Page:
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Victoria Ventris Shea

September 2020 978-1-7356316-0-8


Ana was meant to die in the Alaskan forest, a naked newborn left with moss in her mouth to keep her quiet while her mother lay screaming and fighting to keep Ana’s brother. The babies were born with a deadly condition; they were twins.

Because of greed, Ana is secretly sold and raised in a Spanish California mission where she longs for someone like a mother. When she bonds with a native Ohlone healer who saves her life, the mission sends her back to her homeland, not knowing the dangers that wait for her there. Shocked by everything, she sails with Captain George Vancouver on Discovery and finds love in Hawaii where they winter. Now she must decide if she will perform her duty for the mission and possibly find her family or stay in Hawaii.

This 18th century, multi-cultural historical novel begins with Ana’s young Tlingit mother whose fierce love for her warrior husband and son launches a change for future generations.


Tight muscles quiver down her spine, telling her legs to run, but she predicts the attack it would provoke, the teeth, the tearing flesh. Her breath stops, ready to fight. She jerks awake . . . and she can’t escape, naked and trapped in her prison, her tiny cell where she’s to become a woman.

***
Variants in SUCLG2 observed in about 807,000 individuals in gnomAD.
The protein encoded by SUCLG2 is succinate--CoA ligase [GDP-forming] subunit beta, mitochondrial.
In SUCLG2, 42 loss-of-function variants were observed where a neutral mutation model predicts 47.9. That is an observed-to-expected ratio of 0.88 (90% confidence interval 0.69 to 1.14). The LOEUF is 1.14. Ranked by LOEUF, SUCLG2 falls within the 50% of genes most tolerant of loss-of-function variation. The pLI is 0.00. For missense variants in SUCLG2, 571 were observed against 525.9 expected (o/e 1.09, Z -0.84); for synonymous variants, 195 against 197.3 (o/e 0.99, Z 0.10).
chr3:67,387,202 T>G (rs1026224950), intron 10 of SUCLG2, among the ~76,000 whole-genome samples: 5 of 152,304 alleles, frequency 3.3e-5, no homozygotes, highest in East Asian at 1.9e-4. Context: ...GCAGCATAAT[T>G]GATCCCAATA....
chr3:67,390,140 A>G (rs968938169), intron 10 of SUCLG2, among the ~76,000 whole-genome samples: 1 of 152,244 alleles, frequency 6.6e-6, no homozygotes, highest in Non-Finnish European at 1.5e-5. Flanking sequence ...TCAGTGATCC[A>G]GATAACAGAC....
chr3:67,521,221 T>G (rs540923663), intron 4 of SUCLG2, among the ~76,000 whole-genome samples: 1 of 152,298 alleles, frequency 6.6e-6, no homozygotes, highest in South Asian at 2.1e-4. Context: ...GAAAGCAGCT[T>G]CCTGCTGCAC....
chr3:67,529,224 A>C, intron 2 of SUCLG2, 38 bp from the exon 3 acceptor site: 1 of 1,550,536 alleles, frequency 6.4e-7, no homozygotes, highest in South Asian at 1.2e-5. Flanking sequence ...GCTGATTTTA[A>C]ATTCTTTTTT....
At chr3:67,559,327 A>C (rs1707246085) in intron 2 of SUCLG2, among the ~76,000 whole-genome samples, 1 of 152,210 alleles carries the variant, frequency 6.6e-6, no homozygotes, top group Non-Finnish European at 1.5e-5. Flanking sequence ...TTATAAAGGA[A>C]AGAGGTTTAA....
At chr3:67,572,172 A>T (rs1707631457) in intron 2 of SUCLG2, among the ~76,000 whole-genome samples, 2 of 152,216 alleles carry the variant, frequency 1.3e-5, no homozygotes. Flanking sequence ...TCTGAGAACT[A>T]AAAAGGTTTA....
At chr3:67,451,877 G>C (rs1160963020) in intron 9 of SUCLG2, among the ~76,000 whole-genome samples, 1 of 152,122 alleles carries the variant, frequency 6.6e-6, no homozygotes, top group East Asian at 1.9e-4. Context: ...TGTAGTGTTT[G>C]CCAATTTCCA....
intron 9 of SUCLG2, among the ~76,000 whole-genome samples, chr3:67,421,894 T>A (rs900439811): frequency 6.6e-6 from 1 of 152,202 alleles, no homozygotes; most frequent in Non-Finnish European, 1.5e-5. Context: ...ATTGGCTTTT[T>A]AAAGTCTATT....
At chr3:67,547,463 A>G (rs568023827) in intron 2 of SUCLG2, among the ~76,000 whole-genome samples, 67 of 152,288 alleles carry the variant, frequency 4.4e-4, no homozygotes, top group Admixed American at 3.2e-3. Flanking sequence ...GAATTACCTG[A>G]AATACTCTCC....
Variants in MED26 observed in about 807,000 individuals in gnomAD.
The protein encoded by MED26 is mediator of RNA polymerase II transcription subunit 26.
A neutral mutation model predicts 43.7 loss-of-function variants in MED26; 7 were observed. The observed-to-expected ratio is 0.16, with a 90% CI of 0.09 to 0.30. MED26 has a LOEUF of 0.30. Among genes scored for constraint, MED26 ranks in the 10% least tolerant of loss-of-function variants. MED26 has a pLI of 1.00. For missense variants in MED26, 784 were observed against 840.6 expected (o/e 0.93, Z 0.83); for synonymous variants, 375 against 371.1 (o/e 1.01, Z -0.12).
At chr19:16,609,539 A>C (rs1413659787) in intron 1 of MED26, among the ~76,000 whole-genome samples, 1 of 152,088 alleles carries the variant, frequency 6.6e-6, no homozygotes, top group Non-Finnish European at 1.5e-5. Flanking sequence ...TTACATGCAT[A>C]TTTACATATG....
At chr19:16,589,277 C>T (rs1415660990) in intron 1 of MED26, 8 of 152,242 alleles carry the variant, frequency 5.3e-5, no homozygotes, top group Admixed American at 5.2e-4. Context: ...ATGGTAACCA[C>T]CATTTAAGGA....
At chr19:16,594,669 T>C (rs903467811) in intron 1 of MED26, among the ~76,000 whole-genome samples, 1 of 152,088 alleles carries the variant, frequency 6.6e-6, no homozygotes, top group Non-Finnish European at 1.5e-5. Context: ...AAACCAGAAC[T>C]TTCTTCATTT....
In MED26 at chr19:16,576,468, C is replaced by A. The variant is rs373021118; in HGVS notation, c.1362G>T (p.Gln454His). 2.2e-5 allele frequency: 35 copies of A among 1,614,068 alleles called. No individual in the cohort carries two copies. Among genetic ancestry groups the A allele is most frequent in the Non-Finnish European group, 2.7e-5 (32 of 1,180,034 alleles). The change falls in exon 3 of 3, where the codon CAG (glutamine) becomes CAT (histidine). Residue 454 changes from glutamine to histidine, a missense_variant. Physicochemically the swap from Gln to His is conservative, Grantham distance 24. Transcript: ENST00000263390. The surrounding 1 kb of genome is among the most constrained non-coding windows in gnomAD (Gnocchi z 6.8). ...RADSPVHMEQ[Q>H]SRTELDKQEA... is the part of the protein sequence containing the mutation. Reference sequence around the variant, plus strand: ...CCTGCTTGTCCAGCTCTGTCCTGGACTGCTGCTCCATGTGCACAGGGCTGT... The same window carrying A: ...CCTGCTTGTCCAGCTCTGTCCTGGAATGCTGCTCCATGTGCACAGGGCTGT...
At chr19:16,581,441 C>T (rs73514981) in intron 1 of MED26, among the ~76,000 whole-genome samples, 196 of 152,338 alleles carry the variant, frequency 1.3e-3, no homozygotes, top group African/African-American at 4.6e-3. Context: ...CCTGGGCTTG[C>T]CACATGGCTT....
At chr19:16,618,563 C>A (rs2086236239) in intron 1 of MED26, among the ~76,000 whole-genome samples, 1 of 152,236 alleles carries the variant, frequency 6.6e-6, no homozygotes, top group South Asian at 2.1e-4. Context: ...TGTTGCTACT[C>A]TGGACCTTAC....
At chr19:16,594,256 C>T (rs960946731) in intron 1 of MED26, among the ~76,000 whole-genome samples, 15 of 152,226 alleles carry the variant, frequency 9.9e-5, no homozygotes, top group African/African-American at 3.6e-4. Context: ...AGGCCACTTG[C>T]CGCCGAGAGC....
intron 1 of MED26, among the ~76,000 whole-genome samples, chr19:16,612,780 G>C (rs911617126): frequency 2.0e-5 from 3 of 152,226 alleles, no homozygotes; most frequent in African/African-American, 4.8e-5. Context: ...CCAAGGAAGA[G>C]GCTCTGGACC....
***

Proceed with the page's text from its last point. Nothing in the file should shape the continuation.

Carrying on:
She grips the rail in a tight fist, standing exactly where Captain Vancouver had directed her to stand. Amid the harried activity and shouts of officers and crew and the flurry of gulls, she keeps her eyes attached to the shoreline and tells herself to breathe. In her mind, she relives Miguel and the soldier coaxing her onto the ship. She had frozen into stone, and they’d had to load her like a new calf, swinging her in a net over the water!


A wild ride . . . one of the strongest pieces of historical fiction I’ve ever encountered . . . a brand-new aspect of the world. Ana is a bold, brilliant character . . . so many gorgeous, literary aspects . . . it warrants multiple reads to understand the depth and level of work that Shea has created here. –Writer’s Digest: Judge, 29th Annual Self-Published Book Awards

A wonderfully complete and beautiful picture of a society that was uncompromising and tough . . . that functioned perfectly well before the arrival of the “civilizing” Europeans. A powerful tale I truly appreciate because it is told through the eyes of the indigenous people. I can highly recommend this read. –Readers’ Favorite: Grant Leishman

A wonderful discovery . . . I loved the characters. It reminded me how important it is for everyone to try to be a hero in life. –Mrs. Bea Ticked, UK (on Amazon)